Hizbollah hits Israeli border with mortar attack

An Israeli soldier has been killed and up to three more wounded in exchanges of automatic and shell fire with Hizbollah gunmen across the Lebanese border.

The most serious gun battle in six months on the northern front erupted yesterday when a patrol intercepted an armed Hizbollah cell that had infiltrated Israel. In what an army spokesman defined as a coordinated attack, the Iranian-backed militia fired a barrage of mortars at Israeli positions all along the border. Israeli forces retaliated with shells and missiles.

The offensive came at a time when the stand-off between Ariel Sharon's government and right-wing opponents of his plan to evacuate the Gaza Strip is turning vicious. Jewish extremists are fighting the army and provoking local Palestinians in Gaza and disrupting traffic on roads across Israel.

Four Palestinians and two Israelis, a soldier and a civilian, were wounded during a second day of rioting between Jewish squatters and Arab villagers in Muwassi, a Palestinian enclave in the main Gush Katif settlement block. Two of the Palestinians were reported to be in a critical condition.

Police, escorted by soldiers, went there at noon to arrest Israelis suspected of stoning Palestinians on Tuesday and in a vain attempt to prevent further disturbances. The Israeli activists, who came from outside the Gaza settlements, had commandeered an empty three-storey Arab house and barricaded themselves in.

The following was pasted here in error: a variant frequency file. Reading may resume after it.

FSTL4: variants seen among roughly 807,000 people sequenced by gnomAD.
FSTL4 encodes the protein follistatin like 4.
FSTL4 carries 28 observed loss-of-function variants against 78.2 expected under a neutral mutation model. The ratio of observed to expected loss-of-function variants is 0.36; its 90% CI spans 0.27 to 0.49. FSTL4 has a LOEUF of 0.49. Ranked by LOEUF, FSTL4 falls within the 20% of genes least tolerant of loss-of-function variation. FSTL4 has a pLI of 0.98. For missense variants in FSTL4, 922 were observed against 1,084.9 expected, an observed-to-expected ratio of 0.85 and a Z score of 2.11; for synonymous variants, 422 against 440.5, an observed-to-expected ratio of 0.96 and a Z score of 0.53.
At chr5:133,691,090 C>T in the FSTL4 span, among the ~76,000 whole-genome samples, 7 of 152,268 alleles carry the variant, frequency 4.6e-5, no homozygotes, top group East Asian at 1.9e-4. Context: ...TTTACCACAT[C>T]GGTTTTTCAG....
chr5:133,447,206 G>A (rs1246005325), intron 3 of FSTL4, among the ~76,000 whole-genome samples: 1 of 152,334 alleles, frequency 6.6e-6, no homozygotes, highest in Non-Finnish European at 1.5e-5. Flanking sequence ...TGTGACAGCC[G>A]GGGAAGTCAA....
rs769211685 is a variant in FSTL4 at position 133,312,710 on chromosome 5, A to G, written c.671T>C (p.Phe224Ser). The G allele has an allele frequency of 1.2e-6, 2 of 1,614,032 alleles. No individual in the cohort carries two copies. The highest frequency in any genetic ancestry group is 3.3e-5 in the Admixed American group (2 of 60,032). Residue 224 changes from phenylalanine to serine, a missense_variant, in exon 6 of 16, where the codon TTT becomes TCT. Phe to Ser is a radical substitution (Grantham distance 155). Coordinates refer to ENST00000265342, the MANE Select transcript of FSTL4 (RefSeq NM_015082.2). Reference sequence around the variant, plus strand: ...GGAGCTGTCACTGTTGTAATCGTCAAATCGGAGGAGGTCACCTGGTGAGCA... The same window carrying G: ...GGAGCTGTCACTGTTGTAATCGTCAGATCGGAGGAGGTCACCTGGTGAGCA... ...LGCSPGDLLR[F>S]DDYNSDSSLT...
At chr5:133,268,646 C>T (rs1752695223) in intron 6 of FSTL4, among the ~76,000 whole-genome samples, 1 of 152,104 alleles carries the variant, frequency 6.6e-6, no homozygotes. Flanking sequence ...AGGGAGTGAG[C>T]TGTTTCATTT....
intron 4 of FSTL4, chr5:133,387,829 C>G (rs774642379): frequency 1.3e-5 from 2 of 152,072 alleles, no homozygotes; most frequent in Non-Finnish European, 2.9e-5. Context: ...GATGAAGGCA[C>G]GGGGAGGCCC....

As the force approached, Jews and Arabs began pelting each other with stones. After police arrested eight Jews, the riot became more violent. Soldiers, who tried to separate the combatants, fired shots in the air. After the wounded had been evacuated, a measure of quiet was restored, but the squatters remained in the Arab house. Fayez Shaath, a community leader, complained: "The Israelis are not withdrawing. They are destroying our property. We can't even get to our only clinic."

Army officers say they are awaiting orders from politicians to evict the squatters and to remove dozens of Israeli radicals who have turned an abandoned settlement hotel into a seaside fortress. They are also preparing to seal the settlement block to stop hundreds of anti-disengagement families pouring in now that schools are breaking up for summer holidays.

Inside Israel, thousands of settlers, decked in orange caps and T-shirts, paralysed major roads during the evening rush hour, blocking the entrance to Jerusalem. Earlier in the day, they scattered nails and oil on the Jerusalem-Tel Aviv road.

A radical fringe has taken the struggle further. Police have arrested a man on his way to sabotage telephone junction boxes outside government offices. Security has also been stepped up for Lt-Gen Dan Halutz, the chief of staff, after he received an anonymous letter reading: "You are following the Prime Minister's path. If you care about your family, you will refrain from this."

Maj-Gen Dan Harel, the chief of Southern Command, has banned one of the most high-profile firebrands, Itamar Ben-Gvir, from entering the Gaza Strip and the northern West Bank, where Israel is also evacuating four settlements. "This is just a beginning," one officer said. "Other restriction orders are in the pipeline. We know who the extremists are."

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